Electric mobility, thought through to the end
Volkswagen will pursue its goal of achieving CO2 neutrality for the ID. throughout the value chain. In other words, 100 percent green electricity in battery cell production at our suppliers, 100 percent green electricity in vehicle production, avoiding CO2 emissions wherever possible – and if this is not possible: offsetting emissions by investing in climate protection projects. Volkswagen monitors its 40,000 direct suppliers based all over the world, ensuring that they comply with environmental standards and supporting cross-sector initiatives. For example, the issue of the sustainable sourcing of raw materials for battery cells is addressed through the World Economic Forum’s Global Battery Alliance with partners such as UNICEF or the OECD.
Consistent CO2 avoidance and supply chain
The battery – the pivotal component
The question remains: what happens to the discarded batteries from electric vehicles? In addition to established recycling methods to recover valuable raw materials such as aluminium, copper, nickel, manganese or cobalt from lithium-ion cells, Volkswagen is working on innovative supplementary usage concepts. For example, developers at the Salzgitter component site are currently looking into (re)using batteries in flexible 100 kW fast-charging points.
Unlike with “conventional” 11 kW wallboxes for home use, the 22 kW versions will work in both directions, i.e. they will also feed energy back into the electricity grid again. The magic words here are “smart grid” – bidirectional connectivity between cars, homes and the electricity grid. This is where the next elementary building block in Volkswagen’s integrated electric strategy comes into play. With “Elli”, Volkswagen recently launched a subsidiary company for energy services and charging solutions.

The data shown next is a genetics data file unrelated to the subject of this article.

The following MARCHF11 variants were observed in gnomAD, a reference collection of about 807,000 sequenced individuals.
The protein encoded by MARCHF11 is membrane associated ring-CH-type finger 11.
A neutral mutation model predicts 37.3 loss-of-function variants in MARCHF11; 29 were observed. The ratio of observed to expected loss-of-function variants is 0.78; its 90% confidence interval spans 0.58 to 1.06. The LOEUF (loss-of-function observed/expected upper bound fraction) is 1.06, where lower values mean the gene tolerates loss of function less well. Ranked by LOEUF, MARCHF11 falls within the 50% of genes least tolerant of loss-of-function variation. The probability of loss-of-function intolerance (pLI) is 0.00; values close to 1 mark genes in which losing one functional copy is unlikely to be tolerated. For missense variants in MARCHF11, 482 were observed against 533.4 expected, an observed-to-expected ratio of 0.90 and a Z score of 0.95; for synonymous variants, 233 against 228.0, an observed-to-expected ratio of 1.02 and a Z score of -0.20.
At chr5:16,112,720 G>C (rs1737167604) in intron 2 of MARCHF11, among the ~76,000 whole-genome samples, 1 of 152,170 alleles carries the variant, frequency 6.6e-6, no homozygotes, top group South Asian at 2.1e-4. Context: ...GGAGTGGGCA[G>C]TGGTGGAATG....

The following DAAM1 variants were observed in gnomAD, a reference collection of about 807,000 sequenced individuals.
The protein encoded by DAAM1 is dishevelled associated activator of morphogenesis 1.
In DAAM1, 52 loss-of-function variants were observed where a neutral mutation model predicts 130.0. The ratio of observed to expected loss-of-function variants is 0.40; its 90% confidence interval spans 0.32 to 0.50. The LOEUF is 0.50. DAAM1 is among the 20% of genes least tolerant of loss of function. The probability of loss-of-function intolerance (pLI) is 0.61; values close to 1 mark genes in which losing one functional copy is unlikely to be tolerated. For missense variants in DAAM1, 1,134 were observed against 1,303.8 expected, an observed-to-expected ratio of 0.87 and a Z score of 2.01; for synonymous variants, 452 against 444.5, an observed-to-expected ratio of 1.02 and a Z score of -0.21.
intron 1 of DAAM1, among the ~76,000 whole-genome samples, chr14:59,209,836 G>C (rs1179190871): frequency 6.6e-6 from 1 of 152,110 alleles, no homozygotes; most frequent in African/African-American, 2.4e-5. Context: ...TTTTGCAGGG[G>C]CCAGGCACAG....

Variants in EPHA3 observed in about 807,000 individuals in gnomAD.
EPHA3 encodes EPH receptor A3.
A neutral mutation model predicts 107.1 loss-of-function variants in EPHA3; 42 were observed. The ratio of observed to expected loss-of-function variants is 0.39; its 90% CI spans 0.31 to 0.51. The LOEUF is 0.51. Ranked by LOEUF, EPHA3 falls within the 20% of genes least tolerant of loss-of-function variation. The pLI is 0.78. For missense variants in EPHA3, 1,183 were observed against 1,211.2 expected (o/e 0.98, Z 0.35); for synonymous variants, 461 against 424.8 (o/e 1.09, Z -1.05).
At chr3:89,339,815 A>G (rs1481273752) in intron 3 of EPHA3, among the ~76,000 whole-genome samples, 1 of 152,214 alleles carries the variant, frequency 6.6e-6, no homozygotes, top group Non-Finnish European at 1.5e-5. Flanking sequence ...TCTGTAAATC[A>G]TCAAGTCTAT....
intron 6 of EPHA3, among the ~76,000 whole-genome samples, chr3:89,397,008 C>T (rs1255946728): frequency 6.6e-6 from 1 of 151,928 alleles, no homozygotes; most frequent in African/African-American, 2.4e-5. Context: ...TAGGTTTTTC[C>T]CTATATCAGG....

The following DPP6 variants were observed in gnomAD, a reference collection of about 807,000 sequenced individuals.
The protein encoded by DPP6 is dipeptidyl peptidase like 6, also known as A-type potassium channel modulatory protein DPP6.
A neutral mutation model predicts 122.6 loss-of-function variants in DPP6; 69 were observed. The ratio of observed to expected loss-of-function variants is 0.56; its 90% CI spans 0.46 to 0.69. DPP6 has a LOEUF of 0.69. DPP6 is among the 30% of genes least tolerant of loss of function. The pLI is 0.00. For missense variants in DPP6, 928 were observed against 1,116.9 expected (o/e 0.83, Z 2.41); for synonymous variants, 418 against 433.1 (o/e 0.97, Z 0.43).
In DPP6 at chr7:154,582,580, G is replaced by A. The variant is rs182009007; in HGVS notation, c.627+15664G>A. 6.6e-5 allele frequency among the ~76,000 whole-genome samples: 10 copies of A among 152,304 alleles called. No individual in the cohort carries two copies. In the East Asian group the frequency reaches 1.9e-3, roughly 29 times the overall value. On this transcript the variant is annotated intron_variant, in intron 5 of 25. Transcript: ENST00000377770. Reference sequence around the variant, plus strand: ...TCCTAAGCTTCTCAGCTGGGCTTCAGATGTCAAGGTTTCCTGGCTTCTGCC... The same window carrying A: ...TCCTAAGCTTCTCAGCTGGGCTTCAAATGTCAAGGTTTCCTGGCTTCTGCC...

Electric Life Orchestra
The smart name is an abbreviation for “Electric Life”. Via Elli, private households as well as small and medium-sized businesses across Germany can obtain green electricity since February. To coincide with the launch of the ID., the new company will start selling Volkswagen wallboxes and associated charging services. A comprehensive ecosystem for sustainable electric mobility will gradually be created – one that is explicitly aimed at fleet customers too. Elli CEO Thorsten Nicklass explained: “Major customers want individual solutions so that they can charge their electric vehicles as cheaply as possible or assign the costs to different departments.” In view of this, the company is already working hard to come up with suitable business services. Customers of the Group brands will also be able to use Elli charging cards to obtain sustainable electricity at around 80,000 charging stations in strategic locations throughout Europe. Additional practical features such as an app for finding and reserving the nearest charging point will round off the services for those who drive frequently as part of their work. True to the motto: if you do something, do it right!
More information about Elli can be found at www.elli.eco